Gareth enjoys playing the “Montessori apps” (and more here) that I downloaded for him onto the iPad and iPhone. However, given the fact that he seems so addicted to anything with a screen (TV, computer and iPad/iPhone), I have been keen to increase the repertoire of other activities that do not involve a screen to engage him with.
Since Gareth really enjoys the Montessori activities he has been doing in class and he likes taking his brother’s Fun Thinkers grid and rearranging the number tiles, I figured it was time to get some real Montessori activities for him. The only Montessori activities I could think of were the Melissa & Doug wooden toys which are sometimes sold at Toys ‘R’ Us. So I went to check them out but the range available is rather limited. I don’t suppose anyone has noticed any of these Melissa & Doug toys selling locally?
I was also looking for the Montessori Hundred Board:
I found several retailers online for this. It retails on Amazon for US$25.99. It is available on My Montessori Materials for US$45. Bambini Montessori retails it for US$29.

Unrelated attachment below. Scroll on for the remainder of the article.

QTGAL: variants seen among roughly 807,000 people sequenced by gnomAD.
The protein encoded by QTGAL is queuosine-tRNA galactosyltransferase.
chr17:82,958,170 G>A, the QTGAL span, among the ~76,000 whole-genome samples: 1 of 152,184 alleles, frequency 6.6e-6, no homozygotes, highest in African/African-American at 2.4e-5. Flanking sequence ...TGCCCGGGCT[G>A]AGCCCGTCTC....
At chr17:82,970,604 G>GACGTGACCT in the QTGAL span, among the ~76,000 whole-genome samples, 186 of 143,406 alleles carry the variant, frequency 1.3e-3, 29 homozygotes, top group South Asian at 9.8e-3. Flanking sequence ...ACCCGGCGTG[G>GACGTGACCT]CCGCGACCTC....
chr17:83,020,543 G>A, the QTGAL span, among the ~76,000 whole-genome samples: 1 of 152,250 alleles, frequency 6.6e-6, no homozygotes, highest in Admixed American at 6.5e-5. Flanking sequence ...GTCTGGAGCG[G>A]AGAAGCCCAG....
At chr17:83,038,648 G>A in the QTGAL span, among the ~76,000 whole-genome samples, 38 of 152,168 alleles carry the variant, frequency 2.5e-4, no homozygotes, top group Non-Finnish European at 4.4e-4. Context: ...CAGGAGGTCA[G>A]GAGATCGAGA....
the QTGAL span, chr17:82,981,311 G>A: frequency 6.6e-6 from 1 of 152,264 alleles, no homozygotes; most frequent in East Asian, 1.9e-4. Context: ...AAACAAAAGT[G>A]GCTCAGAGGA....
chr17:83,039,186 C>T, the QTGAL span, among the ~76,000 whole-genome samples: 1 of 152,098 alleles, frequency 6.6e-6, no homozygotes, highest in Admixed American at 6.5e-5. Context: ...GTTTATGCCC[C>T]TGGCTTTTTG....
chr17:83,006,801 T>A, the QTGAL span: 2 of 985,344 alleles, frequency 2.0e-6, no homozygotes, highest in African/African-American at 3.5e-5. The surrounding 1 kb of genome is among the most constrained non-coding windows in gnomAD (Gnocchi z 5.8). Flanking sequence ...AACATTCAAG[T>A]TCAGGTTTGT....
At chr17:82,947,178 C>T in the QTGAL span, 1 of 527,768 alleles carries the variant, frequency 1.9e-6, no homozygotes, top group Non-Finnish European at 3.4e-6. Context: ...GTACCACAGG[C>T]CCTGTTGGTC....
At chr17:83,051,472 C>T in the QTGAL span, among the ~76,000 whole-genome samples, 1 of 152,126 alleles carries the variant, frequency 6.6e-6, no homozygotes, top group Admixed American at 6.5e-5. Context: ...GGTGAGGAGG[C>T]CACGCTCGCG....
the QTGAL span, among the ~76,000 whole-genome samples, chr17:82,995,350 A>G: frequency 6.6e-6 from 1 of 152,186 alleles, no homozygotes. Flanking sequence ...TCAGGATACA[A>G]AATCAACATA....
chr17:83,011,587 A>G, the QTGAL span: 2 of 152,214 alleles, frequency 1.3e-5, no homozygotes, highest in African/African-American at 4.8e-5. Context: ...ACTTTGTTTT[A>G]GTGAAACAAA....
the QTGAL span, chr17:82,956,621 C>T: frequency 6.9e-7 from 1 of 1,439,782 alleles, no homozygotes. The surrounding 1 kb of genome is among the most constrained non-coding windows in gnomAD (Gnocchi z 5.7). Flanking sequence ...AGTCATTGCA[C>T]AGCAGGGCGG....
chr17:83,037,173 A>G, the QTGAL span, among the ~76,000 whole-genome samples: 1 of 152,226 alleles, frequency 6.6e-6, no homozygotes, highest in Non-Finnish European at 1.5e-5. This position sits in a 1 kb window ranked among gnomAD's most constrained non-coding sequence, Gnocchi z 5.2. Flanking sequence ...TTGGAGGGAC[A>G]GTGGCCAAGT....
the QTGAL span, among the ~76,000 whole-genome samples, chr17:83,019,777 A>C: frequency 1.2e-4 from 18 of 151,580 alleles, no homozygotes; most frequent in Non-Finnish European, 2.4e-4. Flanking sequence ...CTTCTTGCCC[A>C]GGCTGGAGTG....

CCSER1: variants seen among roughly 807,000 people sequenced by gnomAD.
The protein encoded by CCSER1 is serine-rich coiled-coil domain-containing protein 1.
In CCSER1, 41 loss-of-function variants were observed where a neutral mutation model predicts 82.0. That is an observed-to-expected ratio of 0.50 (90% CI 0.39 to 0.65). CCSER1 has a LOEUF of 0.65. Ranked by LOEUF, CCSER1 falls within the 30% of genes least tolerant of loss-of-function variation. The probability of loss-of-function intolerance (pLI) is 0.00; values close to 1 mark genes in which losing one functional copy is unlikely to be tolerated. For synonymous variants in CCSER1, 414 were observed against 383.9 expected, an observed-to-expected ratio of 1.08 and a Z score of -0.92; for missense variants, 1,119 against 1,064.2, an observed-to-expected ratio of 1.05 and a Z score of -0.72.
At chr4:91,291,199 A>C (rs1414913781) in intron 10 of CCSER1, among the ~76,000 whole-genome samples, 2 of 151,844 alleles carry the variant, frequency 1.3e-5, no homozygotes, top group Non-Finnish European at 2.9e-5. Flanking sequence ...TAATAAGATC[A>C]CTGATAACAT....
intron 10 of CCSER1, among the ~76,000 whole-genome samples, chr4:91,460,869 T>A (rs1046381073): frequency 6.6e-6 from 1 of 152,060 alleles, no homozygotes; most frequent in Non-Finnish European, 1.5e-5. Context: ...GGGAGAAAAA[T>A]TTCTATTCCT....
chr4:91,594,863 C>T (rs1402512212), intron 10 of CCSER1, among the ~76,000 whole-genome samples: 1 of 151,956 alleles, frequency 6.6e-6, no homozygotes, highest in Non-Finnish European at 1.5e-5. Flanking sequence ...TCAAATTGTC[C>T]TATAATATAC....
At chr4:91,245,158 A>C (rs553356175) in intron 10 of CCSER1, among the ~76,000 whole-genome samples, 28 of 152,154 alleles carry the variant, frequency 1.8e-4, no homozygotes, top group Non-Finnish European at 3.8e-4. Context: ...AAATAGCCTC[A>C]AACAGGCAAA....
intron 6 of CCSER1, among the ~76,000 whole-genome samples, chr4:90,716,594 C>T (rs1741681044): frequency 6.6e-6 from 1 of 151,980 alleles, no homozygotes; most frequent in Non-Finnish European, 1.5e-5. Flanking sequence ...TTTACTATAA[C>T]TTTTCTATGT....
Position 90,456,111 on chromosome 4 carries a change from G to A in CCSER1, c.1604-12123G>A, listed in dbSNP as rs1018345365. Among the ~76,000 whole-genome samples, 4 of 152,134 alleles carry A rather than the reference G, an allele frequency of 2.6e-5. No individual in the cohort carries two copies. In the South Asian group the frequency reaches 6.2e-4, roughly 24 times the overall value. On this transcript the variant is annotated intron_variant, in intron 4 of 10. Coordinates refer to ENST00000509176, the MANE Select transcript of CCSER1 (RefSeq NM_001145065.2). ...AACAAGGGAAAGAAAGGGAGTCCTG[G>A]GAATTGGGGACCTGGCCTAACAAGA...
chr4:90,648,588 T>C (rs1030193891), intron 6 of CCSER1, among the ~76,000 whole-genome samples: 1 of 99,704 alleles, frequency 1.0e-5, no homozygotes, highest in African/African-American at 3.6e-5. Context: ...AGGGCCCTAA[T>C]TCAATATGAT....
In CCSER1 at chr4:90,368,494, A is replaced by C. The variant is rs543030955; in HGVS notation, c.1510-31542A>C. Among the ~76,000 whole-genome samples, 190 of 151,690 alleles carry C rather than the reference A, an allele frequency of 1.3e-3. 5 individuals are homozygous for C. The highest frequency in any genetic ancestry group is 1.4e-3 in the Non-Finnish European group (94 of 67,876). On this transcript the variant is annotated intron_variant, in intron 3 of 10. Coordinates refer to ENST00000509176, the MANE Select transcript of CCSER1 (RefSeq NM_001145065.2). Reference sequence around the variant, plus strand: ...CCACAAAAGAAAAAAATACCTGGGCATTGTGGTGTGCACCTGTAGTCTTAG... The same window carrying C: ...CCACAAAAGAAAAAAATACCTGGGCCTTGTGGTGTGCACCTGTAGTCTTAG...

While I was looking through Toys ‘R’ Us for suitable Montessori activities for Gareth, it occurred to me that we could use other games with modified rules to create activities for our younger children. For example, you could use Scrabble to play random word games (if you get the travel set you can also play it in the car).
Gareth loves playing with letters. We bought him a magnetic alphabet set but you have to buy several sets to get enough letters to make up a few words at a time (we can’t even make up his full name with one set). The other problem with the magnetic letters is that he likes to swipe them off the fridge which then leaves marks on the fridge door. The advantage of getting a scrabble set is that when your children are old enough, they will be able to play the game so you can still continue using it.
Then there is Connect Four by Milton Bradley who now has a four player version which can double up as a colour matching activity. You can also use it to make patterns with colours as a creative activity.
The only thing you need to be wary of with these games are the small bits that can be put in mouths – so not ideal for children under 3 years. However, if you or another responsible person is around to monitor them while they play, then these can be excellent materials for activities for young children. Not to mention that once the children are old enough, they can play these games the way they were intended so you get more mileage out of them.
What games (that do not involve a screen) do you use to entertain your younger child?